Anti-venom is the product of a biological process, where antibodies are produced in an animal as an immunological reaction to venom, and those antibodies can be harvested and used. The mechanism of the immunological reaction is well-understood. It's a chemical process. It has nothing whatsoever to do with the idea that water "remembers" what was dissolved in it, and neither it, nor homeopathy, have anything at all to do with quantum physics.

Anonymous said...

Once "The Hidden Messages in Water". A scientifically written book by Dr. Masaru Emoto, to learn about how water retains memory. This will disprove your theory of "I know the idea is that water has "memory", but there's no evidence whatsoever to support that claim."

Actually READ the book. Don't just find cliff notes on it. It's a short book, and will help you to finally understand, based on his scientific studies.

As for antivenom, yes, it has to do with producing the antibodies. Making the body produce natural results to fight off the poison. It's exectly how it's made.

Anonymous said...

Also, those are not "stories". Most of those are case studies by veterinarians. There are some "success stories" in there, but the majority of them are actual case studies performed and documented by licenesed (and some world-renowned) vets.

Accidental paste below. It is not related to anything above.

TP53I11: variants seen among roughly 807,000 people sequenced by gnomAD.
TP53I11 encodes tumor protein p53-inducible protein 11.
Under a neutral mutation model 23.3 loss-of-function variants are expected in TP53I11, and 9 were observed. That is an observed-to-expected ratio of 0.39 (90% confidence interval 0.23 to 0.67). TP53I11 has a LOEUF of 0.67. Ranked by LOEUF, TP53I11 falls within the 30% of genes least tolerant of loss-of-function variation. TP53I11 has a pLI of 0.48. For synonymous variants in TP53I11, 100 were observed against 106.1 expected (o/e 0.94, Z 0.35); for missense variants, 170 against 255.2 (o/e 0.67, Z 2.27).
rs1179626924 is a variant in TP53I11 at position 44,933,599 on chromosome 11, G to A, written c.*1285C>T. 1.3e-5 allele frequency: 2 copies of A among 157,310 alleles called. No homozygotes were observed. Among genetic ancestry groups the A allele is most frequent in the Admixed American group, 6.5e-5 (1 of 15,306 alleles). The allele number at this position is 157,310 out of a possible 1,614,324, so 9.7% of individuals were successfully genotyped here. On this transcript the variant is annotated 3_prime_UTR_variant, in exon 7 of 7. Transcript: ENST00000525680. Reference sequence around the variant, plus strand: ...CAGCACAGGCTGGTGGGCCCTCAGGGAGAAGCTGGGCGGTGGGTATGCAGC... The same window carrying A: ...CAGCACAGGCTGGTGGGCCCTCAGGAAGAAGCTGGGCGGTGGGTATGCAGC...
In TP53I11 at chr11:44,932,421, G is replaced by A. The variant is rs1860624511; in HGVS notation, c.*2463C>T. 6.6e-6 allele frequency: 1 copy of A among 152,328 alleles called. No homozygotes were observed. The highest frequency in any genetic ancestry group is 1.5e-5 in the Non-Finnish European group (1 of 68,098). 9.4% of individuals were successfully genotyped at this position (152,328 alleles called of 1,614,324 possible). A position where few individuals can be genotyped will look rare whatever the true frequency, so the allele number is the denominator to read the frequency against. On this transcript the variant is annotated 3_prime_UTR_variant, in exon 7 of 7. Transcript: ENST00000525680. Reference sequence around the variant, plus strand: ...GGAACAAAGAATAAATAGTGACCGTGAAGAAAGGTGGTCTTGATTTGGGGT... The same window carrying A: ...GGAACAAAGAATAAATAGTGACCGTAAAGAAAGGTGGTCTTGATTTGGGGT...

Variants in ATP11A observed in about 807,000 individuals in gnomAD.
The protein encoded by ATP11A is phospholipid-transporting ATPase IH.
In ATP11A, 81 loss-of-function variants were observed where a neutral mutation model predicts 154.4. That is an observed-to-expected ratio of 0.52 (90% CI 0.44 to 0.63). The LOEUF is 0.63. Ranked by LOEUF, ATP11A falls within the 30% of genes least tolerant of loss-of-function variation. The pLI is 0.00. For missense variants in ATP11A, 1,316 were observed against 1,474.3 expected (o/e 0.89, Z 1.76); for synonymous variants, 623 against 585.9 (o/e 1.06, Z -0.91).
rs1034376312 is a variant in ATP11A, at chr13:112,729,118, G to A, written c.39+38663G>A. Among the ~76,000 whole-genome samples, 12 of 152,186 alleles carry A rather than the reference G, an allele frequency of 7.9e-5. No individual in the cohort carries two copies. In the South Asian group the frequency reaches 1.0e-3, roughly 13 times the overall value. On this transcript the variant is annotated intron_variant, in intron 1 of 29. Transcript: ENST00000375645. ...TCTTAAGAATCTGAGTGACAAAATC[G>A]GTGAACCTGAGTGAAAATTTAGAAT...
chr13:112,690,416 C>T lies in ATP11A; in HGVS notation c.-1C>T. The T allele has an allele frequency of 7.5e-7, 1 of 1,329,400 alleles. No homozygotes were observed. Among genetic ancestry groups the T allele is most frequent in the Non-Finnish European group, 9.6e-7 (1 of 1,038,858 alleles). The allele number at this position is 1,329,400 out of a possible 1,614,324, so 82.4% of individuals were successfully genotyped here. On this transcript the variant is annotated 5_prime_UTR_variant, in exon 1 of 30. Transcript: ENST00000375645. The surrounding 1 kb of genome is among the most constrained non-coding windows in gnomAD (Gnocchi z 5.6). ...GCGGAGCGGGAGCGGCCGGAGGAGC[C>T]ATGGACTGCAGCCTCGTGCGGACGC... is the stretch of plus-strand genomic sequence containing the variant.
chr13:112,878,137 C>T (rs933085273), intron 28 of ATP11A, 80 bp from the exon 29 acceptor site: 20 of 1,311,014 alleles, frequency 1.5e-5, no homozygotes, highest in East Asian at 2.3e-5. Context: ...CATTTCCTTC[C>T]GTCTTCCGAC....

Until you read "the hidden messages in water", this conversation is moot. It will show you what has been done with the research in water, with proof that it retains memory.

Matt said...

OK, I will track down a copy of the book.

For you, it might be worth reading the Wiki article on Dr. Emoto. He himself says he is not a scientist, and his methods are very questionable. In fact, much more questionable than the Lancet study you've referenced.

It's inconsistent of you to damn the Lancet study but then accept Dr Emoto's work at face value.

I would like to ask you one question:

We know that there are no "new" water molecules in the world. Every molecule of water on Earth today has been around for millions of years, recycled and re-used over and over again.

They've passed through the bowels of dinosaurs and the urinary tracts of the ancient Romans. They've already been consumed and excreted by every culture on Earth for countless millennia.

So any water you drink contains molecules that have been mixed at some point with every imaginable substance.

So my question is: how does the water "remember" only a single drop of onion juice, when there are so many other things in its "memory"? Why has it "forgotten" everything else?